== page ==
The importance of the surface charge in biomaterials applications

Referencia Apresentador Autores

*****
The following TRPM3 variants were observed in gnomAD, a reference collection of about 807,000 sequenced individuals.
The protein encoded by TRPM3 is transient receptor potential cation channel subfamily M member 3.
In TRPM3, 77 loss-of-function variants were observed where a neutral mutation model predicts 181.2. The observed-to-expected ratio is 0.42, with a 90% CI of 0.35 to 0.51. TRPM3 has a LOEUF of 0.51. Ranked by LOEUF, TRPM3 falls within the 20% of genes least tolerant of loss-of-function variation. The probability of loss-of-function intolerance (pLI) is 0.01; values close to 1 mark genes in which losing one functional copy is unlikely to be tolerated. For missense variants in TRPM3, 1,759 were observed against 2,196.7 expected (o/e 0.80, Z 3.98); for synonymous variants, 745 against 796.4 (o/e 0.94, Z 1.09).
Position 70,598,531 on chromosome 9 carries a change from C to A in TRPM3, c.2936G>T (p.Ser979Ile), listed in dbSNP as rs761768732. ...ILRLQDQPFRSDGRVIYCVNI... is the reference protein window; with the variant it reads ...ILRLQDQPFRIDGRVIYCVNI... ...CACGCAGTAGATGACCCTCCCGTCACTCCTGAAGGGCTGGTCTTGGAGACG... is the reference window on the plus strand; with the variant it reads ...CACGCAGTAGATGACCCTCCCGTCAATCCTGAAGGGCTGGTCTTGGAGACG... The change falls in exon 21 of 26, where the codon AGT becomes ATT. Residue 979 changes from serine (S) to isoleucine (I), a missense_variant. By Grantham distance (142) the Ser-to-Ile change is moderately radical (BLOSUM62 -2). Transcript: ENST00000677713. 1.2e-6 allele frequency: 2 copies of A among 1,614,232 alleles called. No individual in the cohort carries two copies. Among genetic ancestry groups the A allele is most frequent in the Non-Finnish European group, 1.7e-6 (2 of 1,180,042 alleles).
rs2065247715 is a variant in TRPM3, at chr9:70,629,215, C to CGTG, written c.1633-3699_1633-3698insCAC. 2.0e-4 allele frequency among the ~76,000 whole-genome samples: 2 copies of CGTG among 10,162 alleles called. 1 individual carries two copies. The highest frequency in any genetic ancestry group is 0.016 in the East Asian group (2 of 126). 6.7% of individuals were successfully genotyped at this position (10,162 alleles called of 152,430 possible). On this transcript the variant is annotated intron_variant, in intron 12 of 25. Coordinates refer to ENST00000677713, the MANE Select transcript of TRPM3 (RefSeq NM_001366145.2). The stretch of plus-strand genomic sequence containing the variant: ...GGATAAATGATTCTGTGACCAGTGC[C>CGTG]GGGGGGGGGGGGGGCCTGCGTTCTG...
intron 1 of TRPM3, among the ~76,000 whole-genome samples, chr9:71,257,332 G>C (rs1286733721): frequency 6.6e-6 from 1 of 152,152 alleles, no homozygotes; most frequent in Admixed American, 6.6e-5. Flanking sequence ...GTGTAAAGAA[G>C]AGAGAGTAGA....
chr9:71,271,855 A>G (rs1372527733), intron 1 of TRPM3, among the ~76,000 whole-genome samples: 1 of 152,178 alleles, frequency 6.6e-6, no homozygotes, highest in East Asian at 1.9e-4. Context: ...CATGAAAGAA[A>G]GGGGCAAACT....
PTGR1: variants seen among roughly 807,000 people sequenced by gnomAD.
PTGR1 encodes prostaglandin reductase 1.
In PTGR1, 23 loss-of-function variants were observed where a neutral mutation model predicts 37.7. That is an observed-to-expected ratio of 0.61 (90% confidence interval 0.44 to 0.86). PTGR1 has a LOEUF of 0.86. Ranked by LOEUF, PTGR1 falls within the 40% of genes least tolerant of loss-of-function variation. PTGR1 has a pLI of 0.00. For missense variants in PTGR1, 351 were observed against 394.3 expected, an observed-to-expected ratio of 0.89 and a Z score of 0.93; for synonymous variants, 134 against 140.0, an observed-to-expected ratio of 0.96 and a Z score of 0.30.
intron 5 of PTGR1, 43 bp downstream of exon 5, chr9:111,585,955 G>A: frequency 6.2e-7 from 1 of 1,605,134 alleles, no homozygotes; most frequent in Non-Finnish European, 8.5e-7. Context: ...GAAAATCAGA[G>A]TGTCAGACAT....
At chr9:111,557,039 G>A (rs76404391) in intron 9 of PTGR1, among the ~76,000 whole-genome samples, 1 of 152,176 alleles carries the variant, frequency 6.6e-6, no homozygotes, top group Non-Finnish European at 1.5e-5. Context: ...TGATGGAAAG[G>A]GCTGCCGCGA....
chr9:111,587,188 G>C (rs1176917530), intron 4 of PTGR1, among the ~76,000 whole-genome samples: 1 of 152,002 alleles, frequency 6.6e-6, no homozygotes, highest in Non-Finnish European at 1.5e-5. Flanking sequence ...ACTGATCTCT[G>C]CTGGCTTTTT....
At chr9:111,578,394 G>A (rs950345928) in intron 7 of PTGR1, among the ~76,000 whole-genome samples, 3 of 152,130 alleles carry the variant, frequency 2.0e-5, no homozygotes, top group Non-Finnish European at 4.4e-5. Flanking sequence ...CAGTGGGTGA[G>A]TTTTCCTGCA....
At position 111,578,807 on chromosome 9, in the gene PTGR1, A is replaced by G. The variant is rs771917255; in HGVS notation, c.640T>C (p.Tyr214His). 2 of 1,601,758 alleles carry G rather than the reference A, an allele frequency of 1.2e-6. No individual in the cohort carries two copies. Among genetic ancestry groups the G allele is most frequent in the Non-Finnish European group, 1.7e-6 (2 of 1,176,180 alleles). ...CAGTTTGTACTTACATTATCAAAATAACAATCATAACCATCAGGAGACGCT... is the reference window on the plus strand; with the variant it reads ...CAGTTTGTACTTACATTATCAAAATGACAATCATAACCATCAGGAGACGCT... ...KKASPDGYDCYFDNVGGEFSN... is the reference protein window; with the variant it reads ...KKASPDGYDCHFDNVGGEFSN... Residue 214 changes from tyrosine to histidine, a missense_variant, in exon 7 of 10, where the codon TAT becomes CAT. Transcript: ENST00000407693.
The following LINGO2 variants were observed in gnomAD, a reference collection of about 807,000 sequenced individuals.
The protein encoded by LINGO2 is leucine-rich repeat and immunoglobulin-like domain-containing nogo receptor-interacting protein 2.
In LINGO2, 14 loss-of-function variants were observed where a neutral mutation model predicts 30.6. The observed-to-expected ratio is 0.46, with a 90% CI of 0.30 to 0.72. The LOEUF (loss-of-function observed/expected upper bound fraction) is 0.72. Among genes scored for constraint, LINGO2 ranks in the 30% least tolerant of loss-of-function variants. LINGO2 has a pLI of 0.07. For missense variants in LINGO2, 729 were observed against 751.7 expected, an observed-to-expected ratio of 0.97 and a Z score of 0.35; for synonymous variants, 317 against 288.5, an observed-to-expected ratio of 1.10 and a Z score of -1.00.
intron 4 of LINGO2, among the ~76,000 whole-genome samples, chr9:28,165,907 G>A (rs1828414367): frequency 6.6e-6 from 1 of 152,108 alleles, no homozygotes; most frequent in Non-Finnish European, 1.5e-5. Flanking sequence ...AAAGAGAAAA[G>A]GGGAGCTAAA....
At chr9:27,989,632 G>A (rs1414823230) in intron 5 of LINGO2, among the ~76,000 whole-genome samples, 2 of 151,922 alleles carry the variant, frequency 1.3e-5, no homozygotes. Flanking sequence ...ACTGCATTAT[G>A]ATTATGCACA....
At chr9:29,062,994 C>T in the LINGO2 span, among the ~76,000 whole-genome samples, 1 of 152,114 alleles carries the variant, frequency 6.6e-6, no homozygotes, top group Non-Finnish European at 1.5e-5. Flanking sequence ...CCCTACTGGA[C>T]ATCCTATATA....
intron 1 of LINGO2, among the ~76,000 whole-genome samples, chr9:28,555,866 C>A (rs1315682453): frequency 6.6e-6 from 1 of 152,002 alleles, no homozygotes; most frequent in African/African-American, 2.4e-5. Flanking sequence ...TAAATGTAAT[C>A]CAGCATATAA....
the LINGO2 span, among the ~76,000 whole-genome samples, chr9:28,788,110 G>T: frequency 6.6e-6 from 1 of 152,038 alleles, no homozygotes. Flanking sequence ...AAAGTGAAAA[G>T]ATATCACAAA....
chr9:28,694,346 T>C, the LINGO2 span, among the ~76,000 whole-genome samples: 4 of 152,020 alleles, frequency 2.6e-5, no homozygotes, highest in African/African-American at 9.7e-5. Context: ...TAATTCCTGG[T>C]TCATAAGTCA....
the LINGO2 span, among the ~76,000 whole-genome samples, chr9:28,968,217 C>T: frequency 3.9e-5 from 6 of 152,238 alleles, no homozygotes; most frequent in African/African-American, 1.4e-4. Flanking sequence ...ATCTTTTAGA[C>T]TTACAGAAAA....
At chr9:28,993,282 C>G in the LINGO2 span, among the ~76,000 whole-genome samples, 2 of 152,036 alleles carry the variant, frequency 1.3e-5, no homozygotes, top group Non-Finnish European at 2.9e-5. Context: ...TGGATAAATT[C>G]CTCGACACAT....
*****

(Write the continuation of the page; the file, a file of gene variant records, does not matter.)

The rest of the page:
Thomas Luxbacher Luxbacher, T.(Anton Paar GmbH); Surface functional groups determine the charging behaviour of a material surface when the material gets in contact with an aqueous environment. The charging behaviour of material surfaces drives their interaction with solutes that are contained in an aqueous solution. The surface charge is thus significantly contributing to processes such as protein adsorption or biofilm formation. For the analysis of surface charge, the zeta potential at the material-water interface is commonly employed. For macroscopic solids, the zeta potential is determined from the measurement of the streaming potential. We present the application of the zeta potential to assess information about the surface charge of dental implants, such as titanium, stainless steel, or gold. The chemical behaviour of these metal surfaces differs primarily in their ability to form a native oxide layer. Stainless steel and gold are little prone to the formation of an oxide film. The water layer next to the pristine metal surface generates an interfacial charge that vanishes at pH 4. Titanium gets covered with a thin oxide film that introduces an amphoteric behaviour and shifts the isoelectric point to higher pH. In a second example we focus on soft contact lenses. Other than dental implants, soft contact lenses are applied temporarily, externally, and get in contact with tear liquid rather than with human tissue. However, despite of the comparatively short wear period of up to one month, biofilm formation on contact lens surfaces must be suppressed to ensure the comfort of wear. The zeta potential helps in the characterization of the contact lens material, in the analysis of the effect of storage solution, and in the detection of protein adsorption. We conclude with an outlook towards the analyses of other types of biomaterials, such as scaffolds for tissue engineering, the zeta potential analysis under physiological conditions, and the characterisation of protein adsorption and desorption kinetics.
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